mine its real-world behavior under various software. Manual layout gives greater flexibility
working conditions. in component placement and in determining if
allow designers and engineers to quickly and conductor placement is an inductive or capaci-
accurately assess critical dimensions or fea- tive issue, but it requires electrical expertise.
tures when integrated with a CAD package. For an automatic system to be useful, the rules
be used on affordable computer worksta- constraining the layouts (for example, board size,
tions and personal computers. components, component placement, etc.) must
shorten the time to market, lower develop- be established. This may be time consuming.
ment costs, and improve product quality. However, the advantage is that once they are
developed, they are done for that type of board.
It is also important to recognize the limita-
tions of FEA, for example: 19.4 RAPID PROTOTYPING
it requires an investment in commercial Rapid prototyping uses modern technology
software packages and the required hard- to produce a physical prototype from a CAD file
ware to run them if more than a personal in a matter of hours instead of days or weeks.
computer or laptop is necessary. Due to the rapid evolution of rapid prototyping,
the analysis tool can reduce physical prod- this section provides only a survey of some of
uct testing, but does not totally replace it. the rapid prototyping technologies available.
the FEA analyst must be proficient not only It is not meant to be an all inclusive list or an
in engineering fundamentals but also in the authoritative reference on rapid prototyping.
finite element method itself.
an inexperienced user can unknowingly TECHNOLOGY SURVEY
deliver incorrect answers that can nega- The technologies discussed in this section are:
tively impact the design based on this false
information. stereolithography apparatus (SLA),
selective laser sintering (SLS),
direct metal laser sintering (DMLS),
19.3 CIRCUIT BOARD LAYOUT laminated object manufacturing (LOM),
CAD software designed for printed circuit fused deposition modeling (FDM);
boards (PCB) has features unique to that ap- 3D printing (3DP), and
plication. Current surface mount technology jetted photopolymer (JP).
(SMT) and the continued miniaturization of The advantages of rapid prototyping include
integrated-circuit products make the design the ability to:
of most PCBs complex. Contributing to the
produce three-dimensional parts within
design complexity are:
hours;
the number of layers in a final board as- create masters, patterns, and tooling;
sembly (single-sided, double-sided, and accelerate prototype production;
multi-layered); achieve major savings in production of soft
the miniaturization of components and the and hard tooling;
effect on pin spacing and the number of pins increase manufacturing capabilities with
in a conductor; low-volume production runs;
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add impact to marketing concept presenta- workspace container and heated to just below
tions with hands-on models; and its melting point. An initial cross-section of the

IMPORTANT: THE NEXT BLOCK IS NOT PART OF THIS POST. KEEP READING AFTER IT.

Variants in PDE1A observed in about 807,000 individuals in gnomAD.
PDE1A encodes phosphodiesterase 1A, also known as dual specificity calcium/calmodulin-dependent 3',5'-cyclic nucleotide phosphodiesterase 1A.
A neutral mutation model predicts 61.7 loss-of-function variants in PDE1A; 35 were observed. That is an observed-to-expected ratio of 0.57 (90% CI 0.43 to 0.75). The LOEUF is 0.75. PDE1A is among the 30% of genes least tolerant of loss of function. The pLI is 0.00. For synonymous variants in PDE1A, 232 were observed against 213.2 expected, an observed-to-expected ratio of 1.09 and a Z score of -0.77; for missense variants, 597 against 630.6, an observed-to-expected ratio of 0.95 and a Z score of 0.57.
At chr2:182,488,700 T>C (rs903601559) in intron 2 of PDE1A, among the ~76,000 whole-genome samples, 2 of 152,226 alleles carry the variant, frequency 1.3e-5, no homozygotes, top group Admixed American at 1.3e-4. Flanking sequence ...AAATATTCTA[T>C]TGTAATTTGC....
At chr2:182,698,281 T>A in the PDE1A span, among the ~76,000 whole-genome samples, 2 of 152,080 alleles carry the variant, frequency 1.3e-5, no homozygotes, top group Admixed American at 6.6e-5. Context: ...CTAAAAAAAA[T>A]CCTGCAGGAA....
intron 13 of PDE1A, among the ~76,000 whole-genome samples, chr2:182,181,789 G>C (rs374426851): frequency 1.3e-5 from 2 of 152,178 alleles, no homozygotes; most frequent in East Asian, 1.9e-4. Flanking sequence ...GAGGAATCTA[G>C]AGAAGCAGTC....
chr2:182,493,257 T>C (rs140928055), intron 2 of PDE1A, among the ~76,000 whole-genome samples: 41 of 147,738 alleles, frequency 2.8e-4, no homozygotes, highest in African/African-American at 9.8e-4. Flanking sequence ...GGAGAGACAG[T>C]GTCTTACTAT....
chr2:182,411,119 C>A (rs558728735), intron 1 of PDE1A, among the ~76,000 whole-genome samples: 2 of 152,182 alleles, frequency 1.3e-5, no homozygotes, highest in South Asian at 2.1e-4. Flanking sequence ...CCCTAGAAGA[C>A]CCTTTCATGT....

improve the accuracy of vendor bid response. object under fabrication is traced on the layer
of powder by a laser. The temperature of the
Rapid prototyping also has some disadvantages:
powder impacted by the laser beam is raised to
Not all parts can be used for physical testing. the point of sintering, forming a solid mass.
Parts can have surface finish quality, As the process is repeated, each layer fuses to
strength, and tolerance limitations. the underlying layer, and successive layers of
Special techniques and materials are re- powder are deposited and sintered until the
quired on some systems. object is complete.
Equipment can be relatively expensive.
Regardless of the method used, rapid proto- Direct Metal Laser Sintering
typing begins with a solid model developed in a Direct metal laser sintering (DMLS) is similar
CAD package and saved in the stereolithogra- to selective laser sintering except it uses metal
phy (STL) or virtual reality modeling language powder as opposed to wax or plastic powder. The
(VRML) file format. The VRML format preserves process begins when an initial cross-section of
part colors as created in the CAD package. the object under fabrication is traced on a thin
Therefore, if the rapid prototyping process is layer of metal powder by a laser, thereby sintering
capable of color, the model will be printed in or fusing the powder into a solid. As the process is
color. If desired, color can usually be added to repeated, each layer fuses to the underlying layer,
an STL file through a secondary process. The and successive layers of powder are deposited and
software, which comes with the machine, will sintered until the object is complete.
slice the model into layers based on the user-
defined layer thickness. Depending on the rapid Laminated Object Modeling
prototyping technology used, layer thickness
generally ranges from .001 to .013 in. (25.4 m Laminated object modeling (LOM) produces
to 330.2 m). The software will also calculate 3D parts of various complexities directly from
where supports are needed, if necessary. After CAD data by successive deposition, bonding,
compiling the necessary information, the part and laser cutting of sheet or film materials. A